First off, these are two things I like right away: there is nary a whiff of The Hunger Games or Divergent to be found. I didn’t actually think they were publishing genuinely unique dystopian books in YA anymore, so kudos to Simon & Schuster for that. Furthermore, there’s a groundedness here that actually feels believable. The Hunger Games is a classic for a reason, but there is some suspension of disbelief that people would just be willing to sacrifice their children for ritualistic slaughter so damn easily. At least here the children have a chance to live: find a diplomatic way to resolve things, and everything will be okay. Not always easy to do mind, but it IS doable. Another thing I like is Talis. Although I loved Illuminae there was more than a hint of HAL in AIDAN. Talis feels entirely like his own unique person with distinct personality. He’s kind of a snarky bastard, and as I’ve already tweeted at Erin, I would love if the final edition of this had some kind of version of the Book of Utterances because I’d love to read more.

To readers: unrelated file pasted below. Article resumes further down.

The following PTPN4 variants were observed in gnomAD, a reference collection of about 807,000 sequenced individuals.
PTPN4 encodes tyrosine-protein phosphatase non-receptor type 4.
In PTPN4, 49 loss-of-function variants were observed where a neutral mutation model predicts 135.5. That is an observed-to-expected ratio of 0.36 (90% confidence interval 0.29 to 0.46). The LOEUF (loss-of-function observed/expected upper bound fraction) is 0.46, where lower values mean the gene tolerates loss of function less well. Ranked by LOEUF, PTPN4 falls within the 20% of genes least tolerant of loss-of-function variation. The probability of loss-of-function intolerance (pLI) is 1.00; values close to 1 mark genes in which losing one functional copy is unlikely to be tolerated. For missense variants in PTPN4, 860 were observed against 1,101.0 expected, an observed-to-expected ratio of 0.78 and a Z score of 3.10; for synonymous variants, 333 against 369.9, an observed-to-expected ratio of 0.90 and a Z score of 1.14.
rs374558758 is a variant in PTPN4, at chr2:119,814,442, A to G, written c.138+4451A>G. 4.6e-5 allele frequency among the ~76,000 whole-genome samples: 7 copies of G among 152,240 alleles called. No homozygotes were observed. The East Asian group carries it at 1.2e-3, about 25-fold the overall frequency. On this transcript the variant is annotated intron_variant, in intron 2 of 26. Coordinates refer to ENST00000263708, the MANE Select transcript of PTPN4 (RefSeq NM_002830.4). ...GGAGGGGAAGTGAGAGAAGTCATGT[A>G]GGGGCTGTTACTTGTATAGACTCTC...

Moving beyond that, I love Greta. I love her stoicism. Her bravery. Her sense of self-sacrifice. Her acceptance of her fate and her ultimate fate for that matter can be seen as kind of a downer, but then you look at how she saved others at the same time and I can’t help but admire her for her strength. More than once she is referred to as the leader of The Children of Peace and you can understand way. I also love her interactions with the other characters: especially Elián and Da-Xia. I like how Erin toys with the hint of romance between Greta and Elián, but that she ultimately realizes her love for Da-Xia. Elián helps her to realize that there is some virtue to passion and fight – something almost beaten out of them by the Abbott, but Da-Xia has been there for her since she first came to the Precepture. It’s all so quiet and lovely and the kind nuanced look that can be hard to find in adult fiction, let alone YA.